loss would fall on the underwriters, made what the opposing counsel by whom the vessel and cargo was
characterized as pretended appeals insured. This inhuman proposal to the feelings of humanity.' Mr. was at first rejected, but at length, Sharp, however was not to be under the pretext of a scarcity of checked by sneers. He immediwater, one hundred and thirty slaves ately addressed a powerful appeal were brought upon deck, and to the Lords Commissioners of the thrown overboard; the claim for Admiralty, a copy of which he the value of these slaves was re- forwarded to his Grace the Duke sisted by the underwriters, not on the of Portland ; he published stateground of the barbarous iniquity ments of the case, and reports of perpetrated, but on the ground that the trial in newspapers, magazines, no such urgent necessity had exist- &c. and endeavoured to excite ed as could justify the throwing others to the adoption of measures, overboard a part of the cargo; which might terminate a traffic at the question was argued in court once detestable in itself, and atjust on the same principle as if one tended by the most outrageous atrohundred and thirty head of cattle, cities. The narrative, however, of or hogsheads of sugar, had been these exertions, and their eventual thrown overboard ; and great con- success, must be unavoidably posttempt was expressed for those who poned to a subsequent occasion.
THE HEART TO BE DESIRED.
" O that there were such an heart in them.” -DEUT. v. 29. SINCE the fall of man, the way in them, that they would fear me, of acceptance with God has always and keep all my commandments been through the mediation and always, that it might be well with merits of Christ; though the man- them.” Such a declaration, when ner of obtaining it bas at different applied to ourselves, we should times been differently described. take to mean, • 0 that we had In the first ages of the world the such a new heart, that we would religious life was called “ walking repent of our sins, put our trust in with God.' By this was meant the Saviour, love God, attend upon penitence for sin, faith in divine his worship and ordinances, and be mercy, and in those sacrifices which faithful in all the common duties prefigured the sacrifice of Christ; of life : for thus shall be well also daily devotion, and continual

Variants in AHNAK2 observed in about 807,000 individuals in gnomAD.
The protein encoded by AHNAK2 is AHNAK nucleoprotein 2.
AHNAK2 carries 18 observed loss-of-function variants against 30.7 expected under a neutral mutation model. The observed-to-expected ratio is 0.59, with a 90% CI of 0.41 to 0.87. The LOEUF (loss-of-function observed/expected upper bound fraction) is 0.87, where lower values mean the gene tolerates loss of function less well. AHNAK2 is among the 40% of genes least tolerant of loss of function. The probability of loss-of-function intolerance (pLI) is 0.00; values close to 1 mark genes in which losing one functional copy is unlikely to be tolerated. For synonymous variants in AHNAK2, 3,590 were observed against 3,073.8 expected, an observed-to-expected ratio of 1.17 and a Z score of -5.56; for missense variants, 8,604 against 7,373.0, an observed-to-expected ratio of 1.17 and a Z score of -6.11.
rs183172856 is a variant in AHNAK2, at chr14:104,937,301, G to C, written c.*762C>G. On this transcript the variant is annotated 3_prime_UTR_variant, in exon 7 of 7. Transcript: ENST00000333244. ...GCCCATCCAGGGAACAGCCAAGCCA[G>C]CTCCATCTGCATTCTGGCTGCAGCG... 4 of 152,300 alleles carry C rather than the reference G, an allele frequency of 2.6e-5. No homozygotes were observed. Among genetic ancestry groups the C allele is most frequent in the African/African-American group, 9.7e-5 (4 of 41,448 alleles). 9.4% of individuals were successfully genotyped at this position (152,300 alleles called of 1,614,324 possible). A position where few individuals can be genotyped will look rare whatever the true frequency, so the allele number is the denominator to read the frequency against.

with us.' attention to the moral duties. 1. A religious life is indispenUnder the law of Moses, the same sably required of us. thing was represented by “ fearing It is required by the principles the Lord, and keeping his com
of reason. A holy God has cremandments ;” importing true piety ated us, and preserved us, and of heart, and a faithful attendance given us every blessing.
We upon the ordinances prescribed in should then devote all to his serthe law. In the present dispensa- vice and his glory. Since he has tion, the Christian character is done so much for us, we should do spoken of as “ repentance towards every thing according to his will. God, and faith towards our Lord It is daringly ungrateful to abuse Jesus Christ, living soberly, righ- the privileges he has afforded us ; teously,” &c. All this, so far as grievously sinful to indulge in any it could be understood, was in- conduct, or any disposition that is tended in the declaration to Moses, contrary to the holiness of his
O that there were such an heart nature.
The religious life is also com- from his youth.” The psalmist mended. The ten commandments, had reference to this humiliating comprising the whole moral law, truth, when he prayed the Lord were spoken by a voice from hea- to “ create a new heart, and renew